(WorldEconomicForum.org) An editorial from the always thoughtful and informative Andreas Baumhof, VP of of Quantum Technologies at Quintessence Labs.
Baumhof says quantum computing is aroughly where we were in around 1970 with classical computers. We have some quantum computers, but they are still pretty unreliable compared to today’s standard. We call them NISQ devices – Noisy Intermediate-Scale Quantum devices. Noisy because they are pretty bad, and intermediate-scale because of their small qubit number. But they work. There are a few public quantum computers available for anyone to programme on. IBM, Rigetti, Google and IonQ all provide public access with open-source tools to real quantum computing hardware. IBM even sells a quantum computer that you can put in your own data centre (the IBM Q System One).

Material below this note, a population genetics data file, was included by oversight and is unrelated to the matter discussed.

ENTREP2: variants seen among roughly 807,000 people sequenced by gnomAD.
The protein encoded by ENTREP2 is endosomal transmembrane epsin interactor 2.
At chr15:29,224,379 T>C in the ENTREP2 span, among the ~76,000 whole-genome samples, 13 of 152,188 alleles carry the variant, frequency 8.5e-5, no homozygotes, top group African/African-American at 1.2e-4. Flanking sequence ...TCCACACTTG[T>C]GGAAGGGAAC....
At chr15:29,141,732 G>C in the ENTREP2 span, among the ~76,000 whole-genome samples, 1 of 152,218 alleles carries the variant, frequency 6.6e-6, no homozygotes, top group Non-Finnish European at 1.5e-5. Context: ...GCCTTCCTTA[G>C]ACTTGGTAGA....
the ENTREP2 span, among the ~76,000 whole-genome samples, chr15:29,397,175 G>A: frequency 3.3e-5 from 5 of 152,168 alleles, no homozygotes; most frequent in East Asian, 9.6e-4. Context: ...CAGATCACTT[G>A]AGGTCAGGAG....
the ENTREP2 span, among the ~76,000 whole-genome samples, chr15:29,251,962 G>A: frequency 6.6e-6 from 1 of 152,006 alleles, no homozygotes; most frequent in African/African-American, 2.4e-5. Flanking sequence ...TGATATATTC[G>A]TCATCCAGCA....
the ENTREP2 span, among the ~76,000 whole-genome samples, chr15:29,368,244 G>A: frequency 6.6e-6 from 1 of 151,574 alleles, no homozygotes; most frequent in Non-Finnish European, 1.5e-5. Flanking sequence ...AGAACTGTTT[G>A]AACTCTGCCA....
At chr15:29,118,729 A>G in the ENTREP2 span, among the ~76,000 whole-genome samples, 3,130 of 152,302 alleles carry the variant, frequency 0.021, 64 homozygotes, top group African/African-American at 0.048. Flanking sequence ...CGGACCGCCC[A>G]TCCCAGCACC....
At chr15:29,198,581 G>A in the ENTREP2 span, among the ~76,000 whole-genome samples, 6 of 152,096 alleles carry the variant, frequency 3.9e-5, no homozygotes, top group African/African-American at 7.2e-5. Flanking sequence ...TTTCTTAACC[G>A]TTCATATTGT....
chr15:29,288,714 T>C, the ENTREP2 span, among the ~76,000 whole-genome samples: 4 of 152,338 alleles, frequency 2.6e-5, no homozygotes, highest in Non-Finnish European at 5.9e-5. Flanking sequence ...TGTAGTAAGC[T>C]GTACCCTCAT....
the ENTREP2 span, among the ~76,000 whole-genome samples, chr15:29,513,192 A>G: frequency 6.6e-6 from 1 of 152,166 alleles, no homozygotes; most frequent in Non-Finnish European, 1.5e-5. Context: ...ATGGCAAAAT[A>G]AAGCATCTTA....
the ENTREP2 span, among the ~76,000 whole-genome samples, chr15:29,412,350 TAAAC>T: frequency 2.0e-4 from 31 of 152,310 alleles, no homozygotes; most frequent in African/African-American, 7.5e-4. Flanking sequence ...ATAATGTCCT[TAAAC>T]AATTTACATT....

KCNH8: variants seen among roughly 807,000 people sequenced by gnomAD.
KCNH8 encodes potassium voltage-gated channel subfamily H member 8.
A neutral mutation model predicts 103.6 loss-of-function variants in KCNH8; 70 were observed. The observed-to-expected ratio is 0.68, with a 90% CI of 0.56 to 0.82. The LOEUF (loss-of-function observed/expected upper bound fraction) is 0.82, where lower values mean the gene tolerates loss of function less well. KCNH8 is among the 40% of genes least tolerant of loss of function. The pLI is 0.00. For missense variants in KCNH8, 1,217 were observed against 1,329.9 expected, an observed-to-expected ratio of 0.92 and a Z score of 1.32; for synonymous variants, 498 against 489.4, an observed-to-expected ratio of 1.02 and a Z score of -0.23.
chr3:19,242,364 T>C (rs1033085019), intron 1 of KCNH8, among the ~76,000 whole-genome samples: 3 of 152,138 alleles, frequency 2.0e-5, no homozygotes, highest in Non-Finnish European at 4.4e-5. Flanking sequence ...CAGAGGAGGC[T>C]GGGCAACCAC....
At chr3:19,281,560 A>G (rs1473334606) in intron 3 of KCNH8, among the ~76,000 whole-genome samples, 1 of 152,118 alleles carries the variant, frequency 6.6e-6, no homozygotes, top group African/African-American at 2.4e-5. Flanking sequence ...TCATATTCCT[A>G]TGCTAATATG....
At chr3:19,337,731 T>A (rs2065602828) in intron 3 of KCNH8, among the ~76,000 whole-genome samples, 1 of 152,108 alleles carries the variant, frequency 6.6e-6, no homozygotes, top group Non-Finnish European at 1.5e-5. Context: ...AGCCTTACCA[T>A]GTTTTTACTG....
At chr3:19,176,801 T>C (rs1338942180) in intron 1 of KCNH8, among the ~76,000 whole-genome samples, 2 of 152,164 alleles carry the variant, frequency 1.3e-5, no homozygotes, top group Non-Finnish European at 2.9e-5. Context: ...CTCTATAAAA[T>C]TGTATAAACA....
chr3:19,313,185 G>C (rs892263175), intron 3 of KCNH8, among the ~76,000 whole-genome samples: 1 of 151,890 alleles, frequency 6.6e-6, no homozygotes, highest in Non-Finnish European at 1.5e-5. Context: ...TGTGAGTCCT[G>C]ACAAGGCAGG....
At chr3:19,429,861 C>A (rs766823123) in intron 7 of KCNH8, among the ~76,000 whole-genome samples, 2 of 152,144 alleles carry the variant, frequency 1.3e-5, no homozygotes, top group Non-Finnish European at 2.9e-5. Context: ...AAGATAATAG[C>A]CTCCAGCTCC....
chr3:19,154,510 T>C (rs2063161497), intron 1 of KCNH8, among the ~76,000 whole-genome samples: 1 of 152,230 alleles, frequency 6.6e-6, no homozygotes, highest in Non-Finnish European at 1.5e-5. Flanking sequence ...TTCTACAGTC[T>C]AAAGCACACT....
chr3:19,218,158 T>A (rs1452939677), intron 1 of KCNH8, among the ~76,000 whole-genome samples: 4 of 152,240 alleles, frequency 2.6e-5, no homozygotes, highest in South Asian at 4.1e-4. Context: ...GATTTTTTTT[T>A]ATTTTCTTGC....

But these are not yet powerful enough to break RSA 2048-bit keys, and probably won’t be for another 10 to 20 years.
The comparison date of 1970 works from another angle, too. In October 1969, researchers sent the first message over the internet (it was called ARPANET then). Today, we are also building a quantum communication system that doesn’t communicate bits and bytes, but quantum states that quantum computers can understand. This is important so that we can build up a quantum version of the internet.
Google and NASA have just announced that they have achieved ‘quantum supremacy’. That is the ability of quantum computers to perform certain tasks that a classical computer simply cannot do in a reasonable timeframe. This opens up a completely new era where we can now focus on building quantum computers with practical benefits and while this will still be many years away, it will be the new frontier in computation.

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